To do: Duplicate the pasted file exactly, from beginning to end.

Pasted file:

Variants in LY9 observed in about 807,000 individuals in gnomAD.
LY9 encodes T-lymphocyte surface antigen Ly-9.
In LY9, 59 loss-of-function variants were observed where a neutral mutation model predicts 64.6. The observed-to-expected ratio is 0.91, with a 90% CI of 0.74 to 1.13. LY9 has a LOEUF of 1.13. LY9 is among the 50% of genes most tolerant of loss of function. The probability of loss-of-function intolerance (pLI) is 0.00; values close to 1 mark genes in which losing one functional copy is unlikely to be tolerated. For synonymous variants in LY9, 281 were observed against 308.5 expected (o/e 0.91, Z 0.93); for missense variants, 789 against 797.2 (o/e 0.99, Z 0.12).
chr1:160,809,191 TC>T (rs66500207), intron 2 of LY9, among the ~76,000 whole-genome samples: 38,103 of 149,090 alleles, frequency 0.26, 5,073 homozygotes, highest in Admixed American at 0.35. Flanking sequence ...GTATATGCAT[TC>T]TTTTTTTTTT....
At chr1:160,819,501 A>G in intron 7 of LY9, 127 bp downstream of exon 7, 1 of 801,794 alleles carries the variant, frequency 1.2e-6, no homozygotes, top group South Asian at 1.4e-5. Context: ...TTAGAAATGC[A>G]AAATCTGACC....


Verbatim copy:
Variants in LY9 observed in about 807,000 individuals in gnomAD.
LY9 encodes T-lymphocyte surface antigen Ly-9.
In LY9, 59 loss-of-function variants were observed where a neutral mutation model predicts 64.6. The observed-to-expected ratio is 0.91, with a 90% CI of 0.74 to 1.13. LY9 has a LOEUF of 1.13. LY9 is among the 50% of genes most tolerant of loss of function. The probability of loss-of-function intolerance (pLI) is 0.00; values close to 1 mark genes in which losing one functional copy is unlikely to be tolerated. For synonymous variants in LY9, 281 were observed against 308.5 expected (o/e 0.91, Z 0.93); for missense variants, 789 against 797.2 (o/e 0.99, Z 0.12).
chr1:160,809,191 TC>T (rs66500207), intron 2 of LY9, among the ~76,000 whole-genome samples: 38,103 of 149,090 alleles, frequency 0.26, 5,073 homozygotes, highest in Admixed American at 0.35. Flanking sequence ...GTATATGCAT[TC>T]TTTTTTTTTT....
At chr1:160,819,501 A>G in intron 7 of LY9, 127 bp downstream of exon 7, 1 of 801,794 alleles carries the variant, frequency 1.2e-6, no homozygotes, top group South Asian at 1.4e-5. Context: ...TTAGAAATGC[A>G]AAATCTGACC....